Venice Festival Program Advisor Iarussi: Iranian New Wave Cinema Came After the Revolution

Venice Festival Program Advisor Iarussi: Iranian New Wave Cinema Came After the Revolution

The Venice Film Festival, founded in 1932, is the oldest film festival in the world and one of the “Big Three” film festivals alongside the Cannes Film Festival and Berlin International Film Festival.

Here is a quick chat with Oscar Iarussi, festival’s program advisor, who is attending this year’s Fajr Film Festival.

Tell us about yourself and your work?

I have two jobs. I am both a journalist at newspaper and my responsibility is to prepare content for different sections of culture, art, cinema and theater. I am also a program advisor for Venice International Film Festival.

What exactly is your responsibility there?

I work with the selection committee of the festival, who watch movies to select the best for screening and also awarding. I help them choose the best movies, a task which is very difficult.

What are your criteria for selection?

I see films with selection committee and directors and try to help them choose the ones that their styles are new and interesting. Our core focus is on discovering the young talents in world cinema.

Name different sections that your festival has?

It has different sections including: competition, non-competition, horizons (Orizzonti), classic and documentary, which focuses on the history of cinema across the world.

Can you tell us about the Orizzonti section?

This section is foremost to us as it deals with new talents, new languages, and new stars. We evaluate new works in this part and try to motivate young filmmakers and artists to improve in their fields of activities. Iranian film Malaria was screened and awarded in this section last year.

How many movies do you usually have in Asia and Middle East?

We love Asian movies and love to watch and choose as much as we can. I think we have roughly 100 films from Asia each year. We have correspondent in Asia that helps us get connected to Asian directors. We have also one in Tehran.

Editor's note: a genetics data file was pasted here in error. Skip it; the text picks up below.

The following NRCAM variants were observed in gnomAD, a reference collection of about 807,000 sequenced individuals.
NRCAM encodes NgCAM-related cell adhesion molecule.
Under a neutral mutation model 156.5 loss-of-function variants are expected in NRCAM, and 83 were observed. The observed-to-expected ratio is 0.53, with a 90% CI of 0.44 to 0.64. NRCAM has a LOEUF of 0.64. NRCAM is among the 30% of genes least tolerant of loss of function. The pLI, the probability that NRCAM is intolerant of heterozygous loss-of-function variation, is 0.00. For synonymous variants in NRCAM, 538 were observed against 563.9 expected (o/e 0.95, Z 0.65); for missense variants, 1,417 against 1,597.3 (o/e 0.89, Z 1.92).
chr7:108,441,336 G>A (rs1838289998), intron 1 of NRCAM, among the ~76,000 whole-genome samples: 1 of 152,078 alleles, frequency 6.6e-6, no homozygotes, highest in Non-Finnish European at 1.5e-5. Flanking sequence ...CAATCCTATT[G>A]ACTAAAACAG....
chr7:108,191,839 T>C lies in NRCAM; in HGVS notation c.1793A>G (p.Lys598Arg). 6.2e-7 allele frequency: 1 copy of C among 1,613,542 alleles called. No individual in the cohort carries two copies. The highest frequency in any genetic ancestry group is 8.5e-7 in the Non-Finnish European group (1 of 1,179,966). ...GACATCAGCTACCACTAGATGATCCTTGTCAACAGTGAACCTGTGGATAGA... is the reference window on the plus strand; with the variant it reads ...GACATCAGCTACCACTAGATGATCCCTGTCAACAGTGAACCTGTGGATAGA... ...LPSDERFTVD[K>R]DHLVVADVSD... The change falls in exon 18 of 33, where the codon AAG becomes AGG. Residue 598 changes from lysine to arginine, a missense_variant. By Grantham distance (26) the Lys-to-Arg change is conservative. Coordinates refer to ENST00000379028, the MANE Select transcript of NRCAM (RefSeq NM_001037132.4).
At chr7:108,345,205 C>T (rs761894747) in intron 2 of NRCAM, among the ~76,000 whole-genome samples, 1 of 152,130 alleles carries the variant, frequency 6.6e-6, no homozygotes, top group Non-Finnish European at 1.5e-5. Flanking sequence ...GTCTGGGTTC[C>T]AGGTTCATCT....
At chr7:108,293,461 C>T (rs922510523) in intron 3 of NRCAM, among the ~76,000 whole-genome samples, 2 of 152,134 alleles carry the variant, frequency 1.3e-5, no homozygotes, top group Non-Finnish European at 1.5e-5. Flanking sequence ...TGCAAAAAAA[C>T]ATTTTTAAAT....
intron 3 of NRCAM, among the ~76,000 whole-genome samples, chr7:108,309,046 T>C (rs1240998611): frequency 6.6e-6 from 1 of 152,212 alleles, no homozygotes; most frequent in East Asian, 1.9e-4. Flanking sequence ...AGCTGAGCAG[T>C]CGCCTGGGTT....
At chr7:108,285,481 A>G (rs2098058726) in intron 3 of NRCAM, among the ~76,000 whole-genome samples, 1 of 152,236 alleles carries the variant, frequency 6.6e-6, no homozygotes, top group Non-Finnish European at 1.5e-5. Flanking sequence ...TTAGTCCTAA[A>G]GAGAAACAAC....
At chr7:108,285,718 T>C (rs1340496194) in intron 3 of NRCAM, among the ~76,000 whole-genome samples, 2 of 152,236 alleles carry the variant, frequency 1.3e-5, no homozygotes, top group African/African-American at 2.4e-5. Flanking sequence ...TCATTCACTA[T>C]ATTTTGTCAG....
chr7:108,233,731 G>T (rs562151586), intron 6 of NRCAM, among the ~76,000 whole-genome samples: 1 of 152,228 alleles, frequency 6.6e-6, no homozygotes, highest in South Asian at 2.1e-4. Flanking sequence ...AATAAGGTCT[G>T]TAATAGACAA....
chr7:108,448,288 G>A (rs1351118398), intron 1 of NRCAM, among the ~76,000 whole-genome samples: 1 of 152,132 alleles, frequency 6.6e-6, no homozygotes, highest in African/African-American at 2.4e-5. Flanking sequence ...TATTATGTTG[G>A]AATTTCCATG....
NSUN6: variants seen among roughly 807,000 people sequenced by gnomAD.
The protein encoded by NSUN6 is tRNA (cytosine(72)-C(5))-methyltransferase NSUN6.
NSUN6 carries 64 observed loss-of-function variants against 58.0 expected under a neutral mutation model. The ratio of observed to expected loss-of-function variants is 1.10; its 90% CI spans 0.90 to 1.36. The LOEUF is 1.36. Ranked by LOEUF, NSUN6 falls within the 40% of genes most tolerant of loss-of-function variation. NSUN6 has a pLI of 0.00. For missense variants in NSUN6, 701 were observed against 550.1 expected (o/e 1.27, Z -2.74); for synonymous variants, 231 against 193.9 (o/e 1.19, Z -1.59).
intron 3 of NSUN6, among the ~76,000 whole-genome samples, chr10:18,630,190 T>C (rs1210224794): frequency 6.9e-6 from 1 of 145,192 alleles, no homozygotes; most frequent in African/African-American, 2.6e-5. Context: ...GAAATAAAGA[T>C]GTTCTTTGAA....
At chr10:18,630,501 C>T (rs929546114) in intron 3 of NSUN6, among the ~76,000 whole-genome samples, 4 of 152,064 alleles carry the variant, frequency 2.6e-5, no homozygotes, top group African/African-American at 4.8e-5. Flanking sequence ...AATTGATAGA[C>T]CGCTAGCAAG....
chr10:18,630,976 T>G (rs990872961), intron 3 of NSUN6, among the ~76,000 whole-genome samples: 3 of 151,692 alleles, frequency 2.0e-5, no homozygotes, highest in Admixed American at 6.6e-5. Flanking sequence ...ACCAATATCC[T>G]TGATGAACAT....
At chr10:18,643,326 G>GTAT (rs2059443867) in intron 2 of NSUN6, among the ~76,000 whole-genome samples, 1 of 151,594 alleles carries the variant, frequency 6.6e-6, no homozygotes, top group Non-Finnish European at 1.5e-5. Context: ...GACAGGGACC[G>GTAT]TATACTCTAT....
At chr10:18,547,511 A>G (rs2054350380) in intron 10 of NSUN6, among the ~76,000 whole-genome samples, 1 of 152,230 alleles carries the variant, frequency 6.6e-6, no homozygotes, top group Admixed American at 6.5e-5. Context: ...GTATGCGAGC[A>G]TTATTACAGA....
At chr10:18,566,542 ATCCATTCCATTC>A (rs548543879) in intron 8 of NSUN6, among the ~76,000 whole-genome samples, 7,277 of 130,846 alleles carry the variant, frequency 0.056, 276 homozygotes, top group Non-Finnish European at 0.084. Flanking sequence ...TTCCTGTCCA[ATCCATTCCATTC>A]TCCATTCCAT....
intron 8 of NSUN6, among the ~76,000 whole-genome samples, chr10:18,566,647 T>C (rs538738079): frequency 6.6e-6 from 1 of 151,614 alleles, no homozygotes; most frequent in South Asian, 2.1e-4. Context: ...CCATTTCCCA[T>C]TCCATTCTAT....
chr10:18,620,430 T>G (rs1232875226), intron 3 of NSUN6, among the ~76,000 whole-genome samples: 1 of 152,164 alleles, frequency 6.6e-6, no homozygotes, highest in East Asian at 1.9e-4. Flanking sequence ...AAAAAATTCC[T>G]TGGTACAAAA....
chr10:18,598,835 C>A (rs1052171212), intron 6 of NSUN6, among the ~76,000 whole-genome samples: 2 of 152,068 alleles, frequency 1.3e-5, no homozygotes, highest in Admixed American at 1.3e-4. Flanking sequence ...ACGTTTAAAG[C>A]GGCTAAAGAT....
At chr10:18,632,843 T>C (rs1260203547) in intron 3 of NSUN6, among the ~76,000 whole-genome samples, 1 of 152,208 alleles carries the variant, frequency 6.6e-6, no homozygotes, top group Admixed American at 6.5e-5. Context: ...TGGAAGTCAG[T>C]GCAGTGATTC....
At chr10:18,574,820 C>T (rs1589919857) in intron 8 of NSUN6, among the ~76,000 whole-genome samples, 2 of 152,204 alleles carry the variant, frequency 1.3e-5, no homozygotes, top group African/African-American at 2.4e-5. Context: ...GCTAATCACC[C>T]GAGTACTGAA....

What is the relation between Italian and Iranian Neorealist films?

I think there is very close connection between these two. New Realism comes from a place of anger and confusion in post-war Italy. And Iranian new wave is coming after revolution, a desire and need to project out onto the world the truth and beauty of your country.

Last Iranian film you watched and your take?

I watched No Date, No Signature which was very nice. I liked it very much. I think the director of the film made a good job.

What about this year’s Film Market and films screened?

I think the quality is good and level of films is good. Market is not the greatest in the world, but it is good.

How do you rate this year’s run? Any weaknesses and strengths?

It is my first time in Iran and this festival and I find it very amazing. I think the location is great. People are hospitable and helpful. It is easy to access what we need. It is well-organized and we can easily get connected to directors and distributors. I also love the historic-cultural tours.

For all festivalgoers who are already planning their visit, check screening time and other information at Fajriff.com or email the Secretariat at Film@Fajriff.com.

Presided over by Reza Mirkarimi, the 35th edition of Fajr International Film Festival will take place from 21 to 28 April in Tehran.

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